}

    public void doDelete(HttpServletRequest request, HttpServletResponse response) {
        String key = request.getParameter("num");
        // Only one Fibonacci number may be deleted at a time.
        if (key == null)
            throw new HTTPException(HttpServletResponse.SC_BAD_REQUEST);
        try {
            int n = Integer.parseInt(key.trim());
            cache.remove(n);
            send_typed_response(request, response, n + " deleted.");
        }
        catch(NumberFormatException e) {
            throw new HTTPException(HttpServletResponse.SC_BAD_REQUEST);
        }
    }
    public void doPut(HttpServletRequest req, HttpServletResponse res) {
        throw new HTTPException(HttpServletResponse.SC_METHOD_NOT_ALLOWED);
    }

    public void doInfo(HttpServletRequest req, HttpServletResponse res) {
        throw new HTTPException(HttpServletResponse.SC_METHOD_NOT_ALLOWED);
    }

    public void doHead(HttpServletRequest req, HttpServletResponse res) {
        throw new HTTPException(HttpServletResponse.SC_METHOD_NOT_ALLOWED);
    }

    public void doOptions(HttpServletRequest req, HttpServletResponse res) {
        throw new HTTPException(HttpServletResponse.SC_METHOD_NOT_ALLOWED);
    }

    private void send_typed_response(HttpServletRequest request,
                                     HttpServletResponse response,
                                     Object data) {
        String desired_type = request.getHeader("accept");

        // If client requests plain text or HTML, send it; else XML.
        if (desired_type.contains("text/plain"))
            send_plain(response, data);
        else if (desired_type.contains("text/html"))
            send_html(response, data);
        else
            send_xml(response, data);
    }

    // For simplicity, the data are stringified and then XML encoded.
    private void send_xml(HttpServletResponse response, Object data) {
        try {
            XMLEncoder enc = new XMLEncoder(response.getOutputStream());
            enc.writeObject(data.toString());
            enc.close();
        }
        catch(IOException e) {
            throw new HTTPException(HttpServletResponse.SC_INTERNAL_SERVER_ERROR);
        }
    }
    private void send_html(HttpServletResponse response, Object data) {
        String html_start =
            "<html><head><title>send_html response</title></head><body><div>";
        String html_end = "</div></body></html>";
        String html_doc = html_start + data.toString() + html_end;
        send_plain(response, html_doc);
    }

    private void send_plain(HttpServletResponse response, Object data) {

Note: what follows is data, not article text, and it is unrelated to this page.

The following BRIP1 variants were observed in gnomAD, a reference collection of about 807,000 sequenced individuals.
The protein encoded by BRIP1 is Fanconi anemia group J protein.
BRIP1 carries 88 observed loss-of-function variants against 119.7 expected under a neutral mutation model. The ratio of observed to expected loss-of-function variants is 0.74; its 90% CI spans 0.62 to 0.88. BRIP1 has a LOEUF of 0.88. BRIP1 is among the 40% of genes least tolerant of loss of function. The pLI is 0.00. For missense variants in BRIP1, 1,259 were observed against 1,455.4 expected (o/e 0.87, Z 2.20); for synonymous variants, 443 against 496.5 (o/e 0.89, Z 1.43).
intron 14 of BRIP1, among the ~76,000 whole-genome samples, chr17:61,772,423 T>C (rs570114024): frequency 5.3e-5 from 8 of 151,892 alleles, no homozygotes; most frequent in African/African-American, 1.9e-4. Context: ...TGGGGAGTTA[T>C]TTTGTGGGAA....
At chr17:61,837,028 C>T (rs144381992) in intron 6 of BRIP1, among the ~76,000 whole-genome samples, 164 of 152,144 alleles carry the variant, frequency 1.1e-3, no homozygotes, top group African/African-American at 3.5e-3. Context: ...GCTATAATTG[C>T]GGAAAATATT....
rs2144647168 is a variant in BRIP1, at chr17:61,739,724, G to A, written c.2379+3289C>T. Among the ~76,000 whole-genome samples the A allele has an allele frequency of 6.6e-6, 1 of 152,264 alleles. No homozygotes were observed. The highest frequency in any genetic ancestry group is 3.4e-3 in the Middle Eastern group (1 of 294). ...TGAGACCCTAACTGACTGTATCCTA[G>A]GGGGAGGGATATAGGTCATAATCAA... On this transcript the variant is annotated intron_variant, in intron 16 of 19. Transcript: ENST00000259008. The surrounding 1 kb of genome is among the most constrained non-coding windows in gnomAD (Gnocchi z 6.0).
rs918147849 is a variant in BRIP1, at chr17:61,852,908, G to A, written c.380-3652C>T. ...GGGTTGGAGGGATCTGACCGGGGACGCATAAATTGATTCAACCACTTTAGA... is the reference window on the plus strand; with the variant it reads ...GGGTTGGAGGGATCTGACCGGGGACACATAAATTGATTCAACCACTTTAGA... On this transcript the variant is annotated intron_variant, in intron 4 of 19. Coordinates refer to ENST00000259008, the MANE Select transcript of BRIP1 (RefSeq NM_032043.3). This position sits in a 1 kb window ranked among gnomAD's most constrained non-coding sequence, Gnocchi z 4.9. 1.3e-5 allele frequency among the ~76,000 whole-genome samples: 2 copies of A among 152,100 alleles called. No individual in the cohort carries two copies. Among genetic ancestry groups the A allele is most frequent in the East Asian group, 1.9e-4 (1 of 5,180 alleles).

try {
            OutputStream out = response.getOutputStream();
            out.write(data.toString().getBytes());
            out.flush();
        }
        catch(IOException e) {
            throw new HTTPException(HttpServletResponse.SC_INTERNAL_SERVER_ERROR);
        }
    }

    private int countRabbits(int n) {
        if (n < 0) throw new HTTPException(403);

        // Easy cases.
        if (n < 2) return n;
        // Return cached value if present.
        if (cache.containsKey(n)) return cache.get(n);
        if (cache.containsKey(n - 1) && cache.containsKey(n - 2)) {
           cache.put(n, cache.get(n - 1) + cache.get(n - 2));
           return cache.get(n);
        }
        // Otherwise, compute from scratch, cache, and return.
        int fib = 1, prev = 0;
        for (int i = 2; i <= n; i++) {
            int temp = fib;
            fib += prev;
            prev = temp;
        }
        cache.put(n, fib); 
        return fib;
    }
}     

The RabbitCounterServlet overrides the init method, which the servlet container invokes when the servlet is first loaded. The method constructs the map that stores the Fibonacci numbers computed on a POST request. The other supported HTTP verbs are GET and DELETE. A GET request without a query string is treated as a request to read all of the numbers available, whereas a GET request with a query string is treated as a request for a specific Fibonacci number. The service allows the deletion of only one Fibonacci number at a time; hence, a DELETE request must have a query string that specifies which number to delete. The service does not implement the remaining CRUD operation, update; hence, the doPut method, like the remaining do methods, throws an HTTP 405 exception using the constant:

HttpServletResponse.SC_METHOD_NOT_ALLOWED

for clarity. There are similar constants for the other HTTP status codes.

Requests for MIME-Typed Responses

The RabbitCounterServlet differs from the first RESTful example in being implemented as a servlet instead of as a @WebServiceProvider. The RESTful servlet differs in a second way as well; that is, by honoring the request that a response be of a specified MIME type. Here is a client against the servlet:

import java.util.List;
import java.util.ArrayList;
import java.net.URL;
import java.net.HttpURLConnection;
import java.net.URLEncoder;
import java.net.MalformedURLException;